ranchers in the late 1950s, was to capture wolves in Mexico and
bring them back alive to the United States. From 1978 to 1980,
McBride said, "When ranchers would call me with a wolf complaint
I'd go ahead and catch it."
These last wolves,
wary of traps and poison, were few and far between. He was able to
capture only seven, with four surviving to enter the captive
Fish and Wildlife mixed zoo
wolves with wild ones to deepen the species' shallow gene pool. The
program succeeded in producing pups, but in 1987, the agency
suspended breeding because of opposition from state officials.
Biologists separated males and females, and it looked as if the
species was to go extinct behind bars.
1990, a lawsuit from the ad hoc Wolf Action Group forced federal
officials to reunite the genders. And over the years, with prodding
and threats of more litigation, the Fish and Wildlife Service once
again began moving toward reintroduction.
Holaday, 75, is one of the environmentalists who pushed for the
wolf's return. After retiring from a corporate career, Holaday
founded the all-volunteer group Preserve Arizona Wolves (PAWS) in
1988 to educate the public. "There was no organized support for
Mexican wolves in Arizona," she says. "It seemed totally
With the wolf's return looming, activists
are excited but also apprehensive. "Fish and Wildlife always wants
the ability to over-manage a population, especially in the first
years," says long-time New Mexico wolf supporter Martin Heinrich,
who would prefer greater freedom for the
Heinrich argues that the boundaries of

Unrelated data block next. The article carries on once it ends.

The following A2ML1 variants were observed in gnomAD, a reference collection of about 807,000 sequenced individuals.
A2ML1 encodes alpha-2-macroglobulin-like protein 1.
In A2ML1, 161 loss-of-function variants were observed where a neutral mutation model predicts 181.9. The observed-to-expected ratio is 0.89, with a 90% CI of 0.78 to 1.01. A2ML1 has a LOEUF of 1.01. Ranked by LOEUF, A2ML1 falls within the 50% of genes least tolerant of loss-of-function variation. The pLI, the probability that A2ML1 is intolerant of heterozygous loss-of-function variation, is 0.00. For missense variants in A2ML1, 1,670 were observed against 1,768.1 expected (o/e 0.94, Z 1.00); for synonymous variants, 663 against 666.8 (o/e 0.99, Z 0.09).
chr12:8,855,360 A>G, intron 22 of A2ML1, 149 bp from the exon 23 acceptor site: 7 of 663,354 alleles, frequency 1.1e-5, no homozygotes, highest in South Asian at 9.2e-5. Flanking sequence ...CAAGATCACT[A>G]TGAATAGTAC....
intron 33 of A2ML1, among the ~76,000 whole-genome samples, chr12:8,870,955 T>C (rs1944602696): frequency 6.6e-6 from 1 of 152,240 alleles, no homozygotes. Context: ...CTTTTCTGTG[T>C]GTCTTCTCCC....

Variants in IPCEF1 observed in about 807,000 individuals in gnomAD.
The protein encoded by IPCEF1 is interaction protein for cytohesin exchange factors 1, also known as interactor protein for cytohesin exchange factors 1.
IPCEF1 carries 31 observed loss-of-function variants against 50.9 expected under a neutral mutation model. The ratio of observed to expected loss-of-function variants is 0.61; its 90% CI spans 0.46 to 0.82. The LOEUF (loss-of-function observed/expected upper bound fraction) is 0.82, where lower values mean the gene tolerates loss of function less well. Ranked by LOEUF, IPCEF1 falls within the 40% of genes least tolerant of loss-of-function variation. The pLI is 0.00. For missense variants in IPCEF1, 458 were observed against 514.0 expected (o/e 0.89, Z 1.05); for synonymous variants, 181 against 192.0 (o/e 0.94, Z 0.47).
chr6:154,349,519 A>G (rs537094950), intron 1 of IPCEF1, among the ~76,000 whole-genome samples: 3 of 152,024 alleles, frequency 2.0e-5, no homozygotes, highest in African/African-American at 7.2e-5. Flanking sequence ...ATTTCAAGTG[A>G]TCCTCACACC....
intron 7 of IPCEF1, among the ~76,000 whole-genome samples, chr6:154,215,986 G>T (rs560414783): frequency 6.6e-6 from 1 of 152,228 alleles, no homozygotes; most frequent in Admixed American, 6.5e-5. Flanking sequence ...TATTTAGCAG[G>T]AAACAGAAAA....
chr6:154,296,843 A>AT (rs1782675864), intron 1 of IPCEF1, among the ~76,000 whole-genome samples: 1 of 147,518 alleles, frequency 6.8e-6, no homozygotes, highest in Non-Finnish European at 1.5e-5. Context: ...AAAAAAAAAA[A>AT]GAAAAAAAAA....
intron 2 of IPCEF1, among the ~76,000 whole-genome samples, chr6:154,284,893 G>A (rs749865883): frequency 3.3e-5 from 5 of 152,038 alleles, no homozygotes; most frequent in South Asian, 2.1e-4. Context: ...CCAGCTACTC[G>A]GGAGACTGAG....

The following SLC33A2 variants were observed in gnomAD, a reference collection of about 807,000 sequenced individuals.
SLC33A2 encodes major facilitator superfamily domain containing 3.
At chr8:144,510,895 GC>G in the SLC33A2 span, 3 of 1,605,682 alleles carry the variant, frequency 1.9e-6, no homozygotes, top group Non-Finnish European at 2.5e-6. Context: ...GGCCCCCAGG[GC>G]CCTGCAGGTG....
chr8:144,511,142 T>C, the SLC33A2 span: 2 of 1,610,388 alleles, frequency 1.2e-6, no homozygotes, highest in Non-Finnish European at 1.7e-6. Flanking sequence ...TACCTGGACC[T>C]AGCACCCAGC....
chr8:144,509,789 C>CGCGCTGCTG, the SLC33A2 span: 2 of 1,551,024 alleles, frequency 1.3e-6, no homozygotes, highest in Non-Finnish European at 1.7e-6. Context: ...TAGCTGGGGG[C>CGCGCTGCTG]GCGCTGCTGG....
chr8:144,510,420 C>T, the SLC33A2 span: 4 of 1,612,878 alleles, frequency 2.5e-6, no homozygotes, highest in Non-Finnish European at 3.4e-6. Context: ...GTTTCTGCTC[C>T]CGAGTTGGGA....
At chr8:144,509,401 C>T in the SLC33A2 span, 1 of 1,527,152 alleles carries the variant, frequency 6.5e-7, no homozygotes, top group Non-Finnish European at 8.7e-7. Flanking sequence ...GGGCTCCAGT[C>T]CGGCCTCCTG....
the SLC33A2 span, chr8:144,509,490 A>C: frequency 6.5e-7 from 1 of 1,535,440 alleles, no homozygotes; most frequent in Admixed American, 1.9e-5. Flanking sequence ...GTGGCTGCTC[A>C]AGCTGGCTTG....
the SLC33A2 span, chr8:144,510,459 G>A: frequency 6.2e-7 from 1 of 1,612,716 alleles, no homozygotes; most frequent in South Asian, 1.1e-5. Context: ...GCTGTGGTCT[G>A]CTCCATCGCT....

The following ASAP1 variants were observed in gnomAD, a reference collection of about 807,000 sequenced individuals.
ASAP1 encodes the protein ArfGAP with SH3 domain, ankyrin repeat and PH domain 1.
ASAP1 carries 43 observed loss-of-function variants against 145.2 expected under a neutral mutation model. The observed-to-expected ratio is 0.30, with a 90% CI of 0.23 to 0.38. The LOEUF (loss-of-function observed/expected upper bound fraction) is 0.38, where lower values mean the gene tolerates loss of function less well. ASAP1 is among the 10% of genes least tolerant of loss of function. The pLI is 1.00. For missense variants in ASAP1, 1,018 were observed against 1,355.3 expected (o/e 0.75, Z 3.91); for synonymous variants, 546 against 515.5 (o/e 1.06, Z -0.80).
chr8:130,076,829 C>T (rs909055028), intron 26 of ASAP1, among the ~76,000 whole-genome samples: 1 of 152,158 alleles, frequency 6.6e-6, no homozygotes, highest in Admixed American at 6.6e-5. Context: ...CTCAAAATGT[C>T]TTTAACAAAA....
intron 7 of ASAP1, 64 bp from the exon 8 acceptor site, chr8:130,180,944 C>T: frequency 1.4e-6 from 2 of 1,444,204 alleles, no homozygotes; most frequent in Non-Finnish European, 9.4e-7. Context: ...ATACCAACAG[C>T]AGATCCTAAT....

the 7,000 square-mile recovery zone have more to do with politics
than ecology. If the species is to survive, he says, "We're going
to have to allow wolves to disperse outside of the recovery zone
south into the Peloncillos and into the mountains of northern
But according to David Parsons, the
U.S. Fish and Wildlife Service's Mexican wolf recovery leader, the
boundaries will be strictly enforced. Each wolf will wear a radio
collar so that it can be tracked by plane or truck, and animals
that stray outside the recovery zone will be captured and returned,
or held in captivity.
"There is significant
concern that if wolves were returned, they'd occupy all suitable
habitat in the Southwest," says Parsons, "so we made a decision to
put some limits on the recovery."
worry that ranching interests will dominate wolf management.
Although the Fish and Wildlife Service has the final say over the
wolves' fate, it is delegating much of the on-the-ground
responsibility to Arizona and New Mexico. Assisting in day-to-day
management will be a committee that includes county, state and
tribal officials - groups that opposed reintroduction or preferred
that it take place away from their bailiwick - as well as the
Forest Service and Wildlife Services (Animal Damage Control's
Bill Van Pelt of the Arizona
Department of Game and Fish expects U.S. Fish and Wildlife to heed
local interests. If the federal agency doesn't, he says,
"politically they'd be slaughtered."
concern is the wolves' "experimental nonessential" status, which
allows ranchers to shoot wolves that kill livestock on private
land. Once there are at least six breeding pairs in the region,
ranchers will also be able to acquire permits to kill wolves that
prey on livestock on public-land grazing
The same experimental nonessential
designation caused a federal judge to rule the reintroduction of
wolves in Yellowstone and Idaho illegal last December because of
the mixing of reintroduced wolves with naturally occuring wolves